A Steady Hand

A Steady Hand

The Club’s new president, Michael Alfant, shares his thoughts on leadership and the future of the Club.

Michael Alfant surveys the Traders’ Bar salad bar. Introduced last year, the lunchtime offering was one of the initiatives started during his two-year tenure as chair of the Club’s Food & Beverage Committee.

He notes the spread could use more protein. Even an option of egg would suffice, he says. “Now that I’m president, they still probably won’t listen to me,” says Alfant with a wry smile.

The longtime Member and successful entrepreneur was elected as the Club’s new president (or representative governor, as the title is officially known) after serving one year as second vice president on the Board of Governors.

Alfant succeeds John Durkin, who tasked Alfant in 2013 with bringing the budget for the Club’s restaurants into the black for the first time in Club history.

“There was just less of a focus on the commercial aspects of certain business functions of the Club, because there didn’t need to be,” says Alfant, who accomplished the directive in 2014. “During my first [Food & Beverage] committee meeting as chair, I said I want everybody to understand that we are not afraid of ideas.”

As president, the 55-year-old says he intends to make small, incremental changes to the Club, the same style that has brought him business and committee success. Besides examining Club dining’s bottom line, Alfant oversaw the installation of craft beer taps at Traders’ Bar, renovation of Rainbow Café’s kids’ play area and, on a larger scale, the launch of CHOP Steakhouse.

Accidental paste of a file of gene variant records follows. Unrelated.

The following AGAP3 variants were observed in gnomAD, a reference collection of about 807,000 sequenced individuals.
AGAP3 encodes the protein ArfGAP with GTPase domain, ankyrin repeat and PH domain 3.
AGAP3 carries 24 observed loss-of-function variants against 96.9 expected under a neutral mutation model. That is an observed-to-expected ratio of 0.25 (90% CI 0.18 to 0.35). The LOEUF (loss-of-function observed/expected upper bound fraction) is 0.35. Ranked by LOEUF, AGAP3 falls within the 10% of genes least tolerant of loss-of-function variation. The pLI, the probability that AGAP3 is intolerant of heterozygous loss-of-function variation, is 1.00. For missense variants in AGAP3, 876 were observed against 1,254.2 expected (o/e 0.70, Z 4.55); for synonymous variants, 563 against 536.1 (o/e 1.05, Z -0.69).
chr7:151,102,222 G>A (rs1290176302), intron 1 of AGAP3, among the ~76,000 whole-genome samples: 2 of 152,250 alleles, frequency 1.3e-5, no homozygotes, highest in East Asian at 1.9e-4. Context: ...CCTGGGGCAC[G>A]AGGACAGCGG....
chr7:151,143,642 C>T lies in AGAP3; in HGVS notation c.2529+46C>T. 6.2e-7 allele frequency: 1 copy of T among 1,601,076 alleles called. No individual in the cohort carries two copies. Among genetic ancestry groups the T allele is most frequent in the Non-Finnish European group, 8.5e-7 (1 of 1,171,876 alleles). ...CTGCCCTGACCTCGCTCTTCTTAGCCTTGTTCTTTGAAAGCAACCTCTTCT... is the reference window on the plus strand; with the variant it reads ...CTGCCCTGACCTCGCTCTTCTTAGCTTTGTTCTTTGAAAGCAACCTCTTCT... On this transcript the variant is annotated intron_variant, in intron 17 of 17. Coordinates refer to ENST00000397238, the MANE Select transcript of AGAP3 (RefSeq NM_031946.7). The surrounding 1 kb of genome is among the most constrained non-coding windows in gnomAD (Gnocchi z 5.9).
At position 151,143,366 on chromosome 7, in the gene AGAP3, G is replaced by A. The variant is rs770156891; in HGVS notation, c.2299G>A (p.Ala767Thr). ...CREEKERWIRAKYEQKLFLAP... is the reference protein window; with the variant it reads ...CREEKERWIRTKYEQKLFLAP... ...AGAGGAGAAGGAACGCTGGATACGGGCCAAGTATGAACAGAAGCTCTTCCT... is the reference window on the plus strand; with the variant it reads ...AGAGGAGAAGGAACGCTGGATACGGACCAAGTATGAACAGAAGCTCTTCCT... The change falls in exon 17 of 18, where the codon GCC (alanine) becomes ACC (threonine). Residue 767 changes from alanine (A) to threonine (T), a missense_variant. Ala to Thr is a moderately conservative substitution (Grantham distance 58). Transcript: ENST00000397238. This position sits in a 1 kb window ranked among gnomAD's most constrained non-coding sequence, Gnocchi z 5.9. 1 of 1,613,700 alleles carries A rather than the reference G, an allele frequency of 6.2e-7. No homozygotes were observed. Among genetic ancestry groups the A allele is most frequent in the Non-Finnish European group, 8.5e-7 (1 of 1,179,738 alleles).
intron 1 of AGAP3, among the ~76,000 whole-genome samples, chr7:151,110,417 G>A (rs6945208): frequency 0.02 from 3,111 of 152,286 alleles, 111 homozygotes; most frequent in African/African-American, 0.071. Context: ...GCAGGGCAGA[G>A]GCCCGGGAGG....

One of his first goals as president, he says, will be to find a solution to the congested family dining restaurants. He also has his eye on reducing the waiting list for the men’s locker room, installing new starting blocks and touchpads at the Sky Pool and increasing transparency in the governing of the Club.

“I don’t think this Club wants—or needs—sweeping changes or new initiatives. We need to keep iterating what we are doing and doing it better,” says Alfant. “I am a big believer in your customers will tell you exactly what they want. It’s up to you to listen to them.”

As Alfant talks, the experienced lecturer uses the occasional analogy from his field of expertise, information technology, using such terms as modular integration points to describe his ideas for Member outreach.

The Brooklyn kid, who once dabbled in programing for now-extinct computers like Altair for fun, sold his first software company in 1999 for $60 million. Since then, the New York sports fan and avid hiker has launched more than 20 companies and owns a technology consultancy with offices in Tokyo, Hong Kong, Shanghai and Los Angeles.

“[My first computer] was a home-built one. That was the only thing you could do, was build one yourself,” he says of the mail-order kit he assembled at the age of 14. “It was good training. You don’t want to make a mistake and have to redo it. It teaches you patience and precision.”

The computer science grad spent a good portion of the 1980s working on Wall Street as a junior partner in an IT firm that serviced top financial institutions, which meant mainly switching out reels of tape, changing printer paper and, when time allowed, writing code.